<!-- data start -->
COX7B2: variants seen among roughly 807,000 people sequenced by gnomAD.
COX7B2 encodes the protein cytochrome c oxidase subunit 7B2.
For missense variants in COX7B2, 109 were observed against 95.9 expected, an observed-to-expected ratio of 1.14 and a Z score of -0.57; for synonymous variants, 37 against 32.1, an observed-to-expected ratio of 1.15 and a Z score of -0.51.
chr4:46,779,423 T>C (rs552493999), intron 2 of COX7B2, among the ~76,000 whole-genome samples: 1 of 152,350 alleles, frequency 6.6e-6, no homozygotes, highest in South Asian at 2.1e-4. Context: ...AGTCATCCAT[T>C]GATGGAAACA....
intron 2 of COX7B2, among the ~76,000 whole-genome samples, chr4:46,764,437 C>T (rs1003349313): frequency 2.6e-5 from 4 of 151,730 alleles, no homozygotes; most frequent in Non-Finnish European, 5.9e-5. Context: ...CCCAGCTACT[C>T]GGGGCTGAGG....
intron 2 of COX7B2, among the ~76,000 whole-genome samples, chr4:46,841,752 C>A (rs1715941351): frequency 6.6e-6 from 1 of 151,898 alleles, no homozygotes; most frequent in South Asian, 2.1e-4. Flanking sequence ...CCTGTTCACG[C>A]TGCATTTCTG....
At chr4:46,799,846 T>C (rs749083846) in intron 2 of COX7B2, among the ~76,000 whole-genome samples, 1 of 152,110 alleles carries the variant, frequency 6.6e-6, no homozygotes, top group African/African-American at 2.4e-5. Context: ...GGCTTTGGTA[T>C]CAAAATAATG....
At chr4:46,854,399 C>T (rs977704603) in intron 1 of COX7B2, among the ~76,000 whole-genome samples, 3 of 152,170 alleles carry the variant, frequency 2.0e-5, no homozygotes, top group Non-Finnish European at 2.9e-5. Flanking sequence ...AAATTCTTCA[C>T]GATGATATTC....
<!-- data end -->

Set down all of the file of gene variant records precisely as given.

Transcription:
COX7B2: variants seen among roughly 807,000 people sequenced by gnomAD.
COX7B2 encodes the protein cytochrome c oxidase subunit 7B2.
For missense variants in COX7B2, 109 were observed against 95.9 expected, an observed-to-expected ratio of 1.14 and a Z score of -0.57; for synonymous variants, 37 against 32.1, an observed-to-expected ratio of 1.15 and a Z score of -0.51.
chr4:46,779,423 T>C (rs552493999), intron 2 of COX7B2, among the ~76,000 whole-genome samples: 1 of 152,350 alleles, frequency 6.6e-6, no homozygotes, highest in South Asian at 2.1e-4. Context: ...AGTCATCCAT[T>C]GATGGAAACA....
intron 2 of COX7B2, among the ~76,000 whole-genome samples, chr4:46,764,437 C>T (rs1003349313): frequency 2.6e-5 from 4 of 151,730 alleles, no homozygotes; most frequent in Non-Finnish European, 5.9e-5. Context: ...CCCAGCTACT[C>T]GGGGCTGAGG....
intron 2 of COX7B2, among the ~76,000 whole-genome samples, chr4:46,841,752 C>A (rs1715941351): frequency 6.6e-6 from 1 of 151,898 alleles, no homozygotes; most frequent in South Asian, 2.1e-4. Flanking sequence ...CCTGTTCACG[C>A]TGCATTTCTG....
At chr4:46,799,846 T>C (rs749083846) in intron 2 of COX7B2, among the ~76,000 whole-genome samples, 1 of 152,110 alleles carries the variant, frequency 6.6e-6, no homozygotes, top group African/African-American at 2.4e-5. Context: ...GGCTTTGGTA[T>C]CAAAATAATG....
At chr4:46,854,399 C>T (rs977704603) in intron 1 of COX7B2, among the ~76,000 whole-genome samples, 3 of 152,170 alleles carry the variant, frequency 2.0e-5, no homozygotes, top group Non-Finnish European at 2.9e-5. Flanking sequence ...AAATTCTTCA[C>T]GATGATATTC....